Only Child on connecting

Pondering life in the digital world

How do  you connect with those close to you and well, those not-so-close? And in today’s digital world what do you mean by close? Is it the friends on Facebook you post a like or comment to their posts or adding you own post about something? Or the quicker blasts on Twitter? Is it sharing a problem with a friend in person? Is it texting on your smart phone? Is it actually talking with someone on your phone? Is it playing voice-mail hell on your phone? Is it chatting with a friend, neighbour, acquaintance on the street? Is it yelling at someone who is blocking your way on a street or public transit steps because they are standing there texting on their phone?

Is it killing someone because that is the only way you can communicate with them or with anyone?

And note: I don’t condone murder. Even though I write about it in my Beyond mystery books.

This spiel of questions came from a conversation online with a friend about perhaps being Luddites. What we discussed is private, but it got me thinking about the way we communicate (myself included) today.

Fact: we live in an ever-changing and increasing digital world.

Are we any better for it? Should we roll back the timeline and go back to “the good old days” whatever era you think that should be?

Despite my writing my Beyond mysteries in the late 1990s when so-called digital was less onerous and could be handled, we are not going back there. We have to live with what we have now. But, it is how we do this that counts. And not all of us will choose the same path.

I tend to go along in the middle. No Twitter, but Facebook, no Smart phone but wireless – with voice mail – I definitely want to catch missed calls. Sitting on a bus texting away is not me. I look around and count the number of people in my area of the bus, the subway car, the streetcar who are shall we say involved with their devices. But I also look to see who is reading a print book, a newspaper or magazine (besides me) or even what I call low digital – an e-reader.

I also look and listen to see who is talking to another person – preferably in person sitting or standing beside them? Who is actually using their smart phone for the phone’s original use talking to family or friend – even the short phone conversation that begins with “I’m on the X bus and should be home in about 15 minutes.”

Personally, I think the overload in digital has cost us some of our humanity. Like I said we can’t go back. What we can do is reign in our digital time – well we can TRY. And try to connect more in person, on the phone with our friends and family. And some of the digital stuff can actually help here. Think Skype. Think of that commercial – I believe for an Internet service – where a grandfather is reading to his granddaughter and then they say goodnight to each other. That’s when the viewer realizes that they aren’t in the same room and it is online.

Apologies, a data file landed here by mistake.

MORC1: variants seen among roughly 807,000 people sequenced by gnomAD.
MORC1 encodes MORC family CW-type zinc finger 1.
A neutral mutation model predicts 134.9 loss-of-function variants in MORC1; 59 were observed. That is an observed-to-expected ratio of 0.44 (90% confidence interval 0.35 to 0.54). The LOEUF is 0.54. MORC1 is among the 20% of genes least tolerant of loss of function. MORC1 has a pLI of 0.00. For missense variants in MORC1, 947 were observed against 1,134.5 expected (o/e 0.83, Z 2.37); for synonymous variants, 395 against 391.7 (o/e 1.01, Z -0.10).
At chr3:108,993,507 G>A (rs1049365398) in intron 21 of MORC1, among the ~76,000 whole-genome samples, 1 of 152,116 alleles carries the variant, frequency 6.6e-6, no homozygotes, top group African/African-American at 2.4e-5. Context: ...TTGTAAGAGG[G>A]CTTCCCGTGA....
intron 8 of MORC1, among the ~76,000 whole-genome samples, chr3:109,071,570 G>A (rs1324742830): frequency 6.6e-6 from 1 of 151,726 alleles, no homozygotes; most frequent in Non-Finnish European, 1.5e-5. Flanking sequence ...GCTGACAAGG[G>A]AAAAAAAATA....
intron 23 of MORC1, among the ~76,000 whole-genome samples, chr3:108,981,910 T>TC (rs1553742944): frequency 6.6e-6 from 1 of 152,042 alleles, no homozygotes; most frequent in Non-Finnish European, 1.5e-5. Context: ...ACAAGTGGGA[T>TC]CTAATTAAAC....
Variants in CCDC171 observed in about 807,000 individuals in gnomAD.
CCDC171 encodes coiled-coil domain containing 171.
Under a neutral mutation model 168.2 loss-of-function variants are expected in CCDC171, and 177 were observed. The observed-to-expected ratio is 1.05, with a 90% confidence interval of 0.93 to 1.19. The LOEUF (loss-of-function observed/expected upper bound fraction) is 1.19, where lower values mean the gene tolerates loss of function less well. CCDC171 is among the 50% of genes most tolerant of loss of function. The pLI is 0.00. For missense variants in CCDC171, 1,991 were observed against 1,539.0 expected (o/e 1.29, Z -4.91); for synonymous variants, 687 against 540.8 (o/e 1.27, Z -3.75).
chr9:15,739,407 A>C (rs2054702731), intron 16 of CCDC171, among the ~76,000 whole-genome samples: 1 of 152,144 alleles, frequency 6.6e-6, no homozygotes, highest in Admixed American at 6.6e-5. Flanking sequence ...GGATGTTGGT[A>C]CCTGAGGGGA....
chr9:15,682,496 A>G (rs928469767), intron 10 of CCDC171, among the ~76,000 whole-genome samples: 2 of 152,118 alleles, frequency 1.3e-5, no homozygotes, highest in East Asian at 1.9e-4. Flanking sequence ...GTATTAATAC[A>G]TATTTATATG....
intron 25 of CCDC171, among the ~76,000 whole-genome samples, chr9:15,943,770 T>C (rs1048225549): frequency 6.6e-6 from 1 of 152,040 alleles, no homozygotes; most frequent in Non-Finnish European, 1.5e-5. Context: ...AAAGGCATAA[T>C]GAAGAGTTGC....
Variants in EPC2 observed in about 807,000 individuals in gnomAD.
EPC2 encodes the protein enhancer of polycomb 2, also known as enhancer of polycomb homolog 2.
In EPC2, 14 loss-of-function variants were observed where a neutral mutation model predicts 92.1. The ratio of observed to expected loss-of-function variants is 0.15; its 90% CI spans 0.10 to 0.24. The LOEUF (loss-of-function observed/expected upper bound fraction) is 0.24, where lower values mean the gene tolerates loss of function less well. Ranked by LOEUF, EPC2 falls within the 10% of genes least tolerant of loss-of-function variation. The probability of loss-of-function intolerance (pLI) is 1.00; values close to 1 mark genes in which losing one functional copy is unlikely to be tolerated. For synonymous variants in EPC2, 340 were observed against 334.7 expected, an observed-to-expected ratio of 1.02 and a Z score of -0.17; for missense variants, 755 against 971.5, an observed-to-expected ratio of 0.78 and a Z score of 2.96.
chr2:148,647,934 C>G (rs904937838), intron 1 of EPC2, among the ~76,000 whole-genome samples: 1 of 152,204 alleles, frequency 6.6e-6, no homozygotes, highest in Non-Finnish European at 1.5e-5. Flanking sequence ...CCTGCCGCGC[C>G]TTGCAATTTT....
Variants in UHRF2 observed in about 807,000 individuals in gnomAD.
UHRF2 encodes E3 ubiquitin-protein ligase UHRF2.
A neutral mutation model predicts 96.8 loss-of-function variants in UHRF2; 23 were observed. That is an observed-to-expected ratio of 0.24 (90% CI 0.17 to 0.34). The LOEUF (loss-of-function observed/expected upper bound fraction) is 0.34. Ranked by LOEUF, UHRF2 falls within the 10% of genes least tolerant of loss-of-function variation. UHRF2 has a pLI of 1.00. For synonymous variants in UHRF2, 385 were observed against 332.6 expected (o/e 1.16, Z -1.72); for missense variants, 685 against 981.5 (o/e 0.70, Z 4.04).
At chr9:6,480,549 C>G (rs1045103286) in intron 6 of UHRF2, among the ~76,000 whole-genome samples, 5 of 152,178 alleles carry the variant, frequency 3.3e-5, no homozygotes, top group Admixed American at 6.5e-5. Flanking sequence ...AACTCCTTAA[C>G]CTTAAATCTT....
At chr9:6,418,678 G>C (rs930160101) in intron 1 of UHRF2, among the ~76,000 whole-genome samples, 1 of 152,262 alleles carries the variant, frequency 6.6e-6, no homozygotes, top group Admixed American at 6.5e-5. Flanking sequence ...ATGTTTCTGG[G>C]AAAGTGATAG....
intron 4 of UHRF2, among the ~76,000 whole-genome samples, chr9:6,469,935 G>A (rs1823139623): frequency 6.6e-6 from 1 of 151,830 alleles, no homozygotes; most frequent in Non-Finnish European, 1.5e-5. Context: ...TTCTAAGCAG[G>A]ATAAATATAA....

So, like most anything else (excluding murder), there is good and bad in digital. We just need to find our personal equilibrium here so we don’t lose our humanity. Like most anything else (except murder), moderation, not overindulgence works better.

Now, if I could just convince myself about that for chocolate.

Okay, cards on the table (not on the screen for a change) – my name is Sharon and I am a chocoholic.

Are you a digitaloholic?

Cheers.

Sharon

Only Child Writes

From  the past

 

4 Comments

Filed under Communicating and Connecting, Digital World Madness, Life Balance, Life demands

4 responses to “Only Child on connecting

  1. Rio

    I don’t like talking on the phone, ever since I quit smoking. I much prefer to meet one on one which rarely happens anymore. The one advantage to texting is you can point and say, “See you said 1:30pm, not 2:00!” or in case I can’t remember (it happens a lot) I can check what time they said. Texting is not the way to have a chat though! I am being forced to conclude that a phone conversation is often as good as it gets. I don’t skype either but at holidays one of my kids will contact their sibling in B.C. and I get my turn for face time.

    • Interesting to see how you live in this digital world. I would say you are using what you need and not going wild about it. Yesterday on the bus I did something else. Took a quick peak at the smart phone the lady next to me was using. Not snooping. And not all these icons. But tiny, tiny print, which even if I had wanted to read I wouldn’t be able to see it. With bad vision in my left eye, smart phones wouldn’t work for me – although I can see graphics like in games and when a friend scrolled down my Facebook page on her smart phone, I could actually read the print.

      • Rio

        It is possible to set the size of type on your phone, still I have to get my glasses everytime I text. Even though I am quite sensible with my use of my smart phone the temptation to check my email when I’m out for a long time is hard to resist, but then I also drink too much coffee when I go out. Perhaps coffee culture is to blame?

  2. Don’t really think it is coffee culture but over abundance of digital in this world and people’s addiction to it. The digitaloholics walking blindly on the streets texting and whatever else are not drinking coffee or anything else then. They are also not paying attention to where they are going. I have had a few of them bump into me on the sidewalk and lucky it wasn’t when crossing the street…so far.

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